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Interview: Reso unleashes Kyrios in sync with heart melting vibes [Slug Wife]

Reso‘s creation is a rare occurrence and it’s shaping up to be a blast from the past, shout out to the UK! I’ve been very impressed by all the sounds coming out of the Slug Wife collective this year and their latest fire has hit home through Alex Melia’s pulsating 7-track masterpiece, Kyrios, which includes a mix. The idea behind ‘Kyrios’ ( “Lord” or “Master” in ancient Greek ) originated through a callback to his roots, continuing with his tradition of naming EP’s after different mecha’s found in anime series; Kyrios surrounds a mecha from Gundam 00. Visual artist, Void One, created a fine reflective art cover to fuel upon this passion of Reso’s, which features a giant robot ( Gundam 00 was created by Sunrise, a Japanese animation studio ).

A one of a kind celestial being smothered with loads of love and creative output, Reso is the epitome of a full creative beatsmith whom has a long stemming history of creating unimaginable drumming and synth flow, holding deep knowledge and strengths in arrangement, texture, and percussion. His intricacies are no joke, rather dynamic and intelligent. This fresh batch of work resembles his signature style as he aims for a new direction which has allowed him a fresh path of discovery as he gets ready to hit the states, gearing for a promising tour. Catch him at Denver’s sub.mission‘s Shambhala pre-party showcase at The Black Box for their legendary Electronic Tuesday’s featuring other legends, Kursa and K.L.O, in collaboration with Slug Wife. Followed by Infrasound and Shambhala, Reso is about to unleash powerful frequencies!

I reached out to Reso to further deconstruct his creative process, so prep your ears and listen to his latest beats as he unleashes a hard, dancefloor ready to ignite a full experience that awaits. Further your learning mode as he shares with us everything happening now, what he’s learned in the past year, advice to producers, his roots as a drummer and drum and bass producer, and a peak of his simplistic studio which allows him to generate the heat. Otherwise known as “The Master of Drums”, Reso is someone you need to continue to watch and learn from. Get your laser beams ready and join the pack.

A chat w/ Reso

Congratulations on Kyrios.  Share with us the overall creative process that goes into your sound design that allows you to develop rich textures and rhythmic flow.

Thanks very much! My overall process tends to be the same most of the time. I’ll start with doing some bass sound design making patches in Massive, Omnisphere, Serum, FM8 etc. I’ll be sure to save these patches so that I can recall and tweak them at another time for a quick start. Next, I’ll find some drum samples and get a basic beat going. These can be from sample packs, taken from breakbeats or be synthesized drums I’ve made myself. I’ll start to jam out ideas until something sticks that I’m happy with, unless I have a specific idea in mind, which could be a chord progression or rhythmic pattern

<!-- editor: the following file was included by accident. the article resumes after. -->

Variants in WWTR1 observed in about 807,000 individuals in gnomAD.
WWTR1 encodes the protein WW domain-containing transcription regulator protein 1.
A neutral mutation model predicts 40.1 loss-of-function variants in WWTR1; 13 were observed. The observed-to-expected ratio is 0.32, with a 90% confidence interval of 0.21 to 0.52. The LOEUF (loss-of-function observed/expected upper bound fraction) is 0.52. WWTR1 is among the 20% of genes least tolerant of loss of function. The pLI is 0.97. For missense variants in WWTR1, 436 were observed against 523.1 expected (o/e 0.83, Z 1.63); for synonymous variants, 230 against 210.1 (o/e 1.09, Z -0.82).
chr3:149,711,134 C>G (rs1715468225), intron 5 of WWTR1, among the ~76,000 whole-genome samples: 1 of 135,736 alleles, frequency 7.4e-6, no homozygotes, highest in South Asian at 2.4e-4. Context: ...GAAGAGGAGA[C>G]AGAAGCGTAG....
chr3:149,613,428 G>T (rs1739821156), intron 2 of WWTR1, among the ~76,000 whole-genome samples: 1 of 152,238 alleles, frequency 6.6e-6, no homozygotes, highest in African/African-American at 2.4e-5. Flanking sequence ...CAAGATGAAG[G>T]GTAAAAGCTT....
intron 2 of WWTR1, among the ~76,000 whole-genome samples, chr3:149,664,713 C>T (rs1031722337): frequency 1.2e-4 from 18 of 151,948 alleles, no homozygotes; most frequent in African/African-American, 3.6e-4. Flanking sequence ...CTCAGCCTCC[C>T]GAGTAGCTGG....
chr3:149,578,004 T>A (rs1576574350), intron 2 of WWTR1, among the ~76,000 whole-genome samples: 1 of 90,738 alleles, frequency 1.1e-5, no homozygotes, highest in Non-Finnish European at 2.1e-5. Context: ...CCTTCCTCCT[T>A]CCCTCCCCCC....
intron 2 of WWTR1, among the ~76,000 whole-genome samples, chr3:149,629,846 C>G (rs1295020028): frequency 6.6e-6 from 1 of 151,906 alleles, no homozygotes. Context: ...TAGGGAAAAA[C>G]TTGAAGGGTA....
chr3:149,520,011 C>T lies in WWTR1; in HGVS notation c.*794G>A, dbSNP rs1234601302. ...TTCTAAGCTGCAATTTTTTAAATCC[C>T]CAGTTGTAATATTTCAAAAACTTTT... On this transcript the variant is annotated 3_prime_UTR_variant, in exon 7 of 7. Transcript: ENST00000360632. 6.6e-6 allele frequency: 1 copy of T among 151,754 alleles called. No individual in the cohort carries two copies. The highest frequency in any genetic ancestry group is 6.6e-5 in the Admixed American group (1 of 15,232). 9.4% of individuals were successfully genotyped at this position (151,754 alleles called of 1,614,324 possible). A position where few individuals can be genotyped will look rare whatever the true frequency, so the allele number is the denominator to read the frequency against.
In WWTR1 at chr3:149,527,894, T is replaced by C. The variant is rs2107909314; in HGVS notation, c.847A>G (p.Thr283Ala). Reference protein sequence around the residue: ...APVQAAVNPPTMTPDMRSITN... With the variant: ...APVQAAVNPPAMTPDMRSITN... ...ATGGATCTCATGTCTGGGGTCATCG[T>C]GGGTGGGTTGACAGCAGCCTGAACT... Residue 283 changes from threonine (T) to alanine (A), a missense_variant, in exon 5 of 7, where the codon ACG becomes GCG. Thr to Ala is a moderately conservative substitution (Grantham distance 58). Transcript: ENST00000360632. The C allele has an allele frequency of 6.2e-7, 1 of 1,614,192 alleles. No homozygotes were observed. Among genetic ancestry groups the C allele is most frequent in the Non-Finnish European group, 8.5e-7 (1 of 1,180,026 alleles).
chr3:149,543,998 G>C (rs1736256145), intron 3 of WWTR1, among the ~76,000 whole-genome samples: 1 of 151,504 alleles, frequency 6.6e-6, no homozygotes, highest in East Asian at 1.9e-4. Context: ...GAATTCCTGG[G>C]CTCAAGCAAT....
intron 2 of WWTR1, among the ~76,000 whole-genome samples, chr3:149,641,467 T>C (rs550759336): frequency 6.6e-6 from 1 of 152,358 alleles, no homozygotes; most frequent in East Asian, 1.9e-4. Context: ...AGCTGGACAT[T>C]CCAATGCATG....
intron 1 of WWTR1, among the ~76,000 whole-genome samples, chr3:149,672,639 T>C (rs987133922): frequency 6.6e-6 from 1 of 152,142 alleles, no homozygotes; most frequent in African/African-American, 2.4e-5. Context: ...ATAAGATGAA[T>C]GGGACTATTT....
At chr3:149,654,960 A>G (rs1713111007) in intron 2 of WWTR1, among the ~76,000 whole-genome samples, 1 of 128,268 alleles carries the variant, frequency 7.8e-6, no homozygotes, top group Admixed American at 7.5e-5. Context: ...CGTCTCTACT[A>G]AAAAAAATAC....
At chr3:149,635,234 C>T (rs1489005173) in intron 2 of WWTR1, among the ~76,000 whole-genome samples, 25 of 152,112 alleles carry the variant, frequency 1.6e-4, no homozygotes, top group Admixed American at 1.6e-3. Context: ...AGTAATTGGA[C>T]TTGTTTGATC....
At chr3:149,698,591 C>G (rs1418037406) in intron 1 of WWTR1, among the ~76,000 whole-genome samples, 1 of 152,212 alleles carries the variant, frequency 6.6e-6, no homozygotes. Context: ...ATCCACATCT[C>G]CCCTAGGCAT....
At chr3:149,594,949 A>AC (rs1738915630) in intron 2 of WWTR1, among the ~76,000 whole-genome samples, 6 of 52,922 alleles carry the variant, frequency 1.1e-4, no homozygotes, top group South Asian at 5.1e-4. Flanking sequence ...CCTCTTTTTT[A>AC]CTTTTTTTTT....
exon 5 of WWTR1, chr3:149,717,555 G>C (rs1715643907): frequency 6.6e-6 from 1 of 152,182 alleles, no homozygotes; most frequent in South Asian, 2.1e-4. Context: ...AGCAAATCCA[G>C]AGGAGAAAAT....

From here I tend to get a solid 16 bar loop on the go adding in fx, automation, eqing, grouping instruments into busses, essentially getting that 16 bars to sound “finished”. This is a big part of the solving the puzzle for me as it builds a solid foundation on which to make the rest of the tune. I’ll paste a skeletal arrangement and then go through 16 bars at a time doing edits, detailing and doing mix tweaks as I add more elements. This is still the “Creative” portion for me. Once I’m happy that I can’t add anything else, I switch into “Edit” mode. This means removing as much as I can without the track sounding thin or not dense enough for my taste. Once I’m confident I can’t remove anything else, I’ll concentrate on getting my final mix right until my mind starts to fall apart like wet cake.

This overall process can be applied to making each and every sound, so adding elements to a pad texture, drum hit or bass patch, then pulling it back a little by seeing what I can remove without losing any of the charm. In terms of achieving a good rhythmic flow, I tend to find that you have to leave spaces. Leaving spaces is more important than adding elements constantly.

Developing templates is a technique that allows you to simplify the process. Can you please elaborate?

So I’ll have a few different project templates set up, on for basses, pads, drums, etc. My bass template will consist of some instrument channels set up with a variety of effects plugins already initialized with them routed to buss groups with more plugins set up and finally an fx chain on my master buss. 

An example would be having an instance of serum open with eq, filters (notch, comb, highpass, band pass etc), distortions (such as phat fx, Decapitator, sausage fattener), compression and a few other things like Wow, Crystalizer and reverbs. I’ll make a patch in Serum and assign various controls to modulate various parameters then paste a 16 bar note at E for example and tweak to my taste as many different things as possible to get a complex sound. One plugin that is great for quick complexity in a sound is Kiloheartz Multipass. It’s a multiband effects plugin that allows up to 5 bands to have multiple plugins (filters, distortion, phase, flange, limiting etc) on each band.

I’ll render a pass of this then go back and change parameters to get a different tonal quality. I’ll then render another pass making sure to keep them organized by day/week/month in my sample library. On my master bus I use a waves NLS channel strip, the NI solid Bus compressor and Ozone 8 as well as the waves PAZ analyzer to make sure the sound hits in the right places. This let’s me keep the sounds fairly uniform in loudness and tone so I can use them in projects without having to do too much extra processing. When in a project, I will load these into Kontakt or the ESX24 or just use snippets as audio depending on my needs.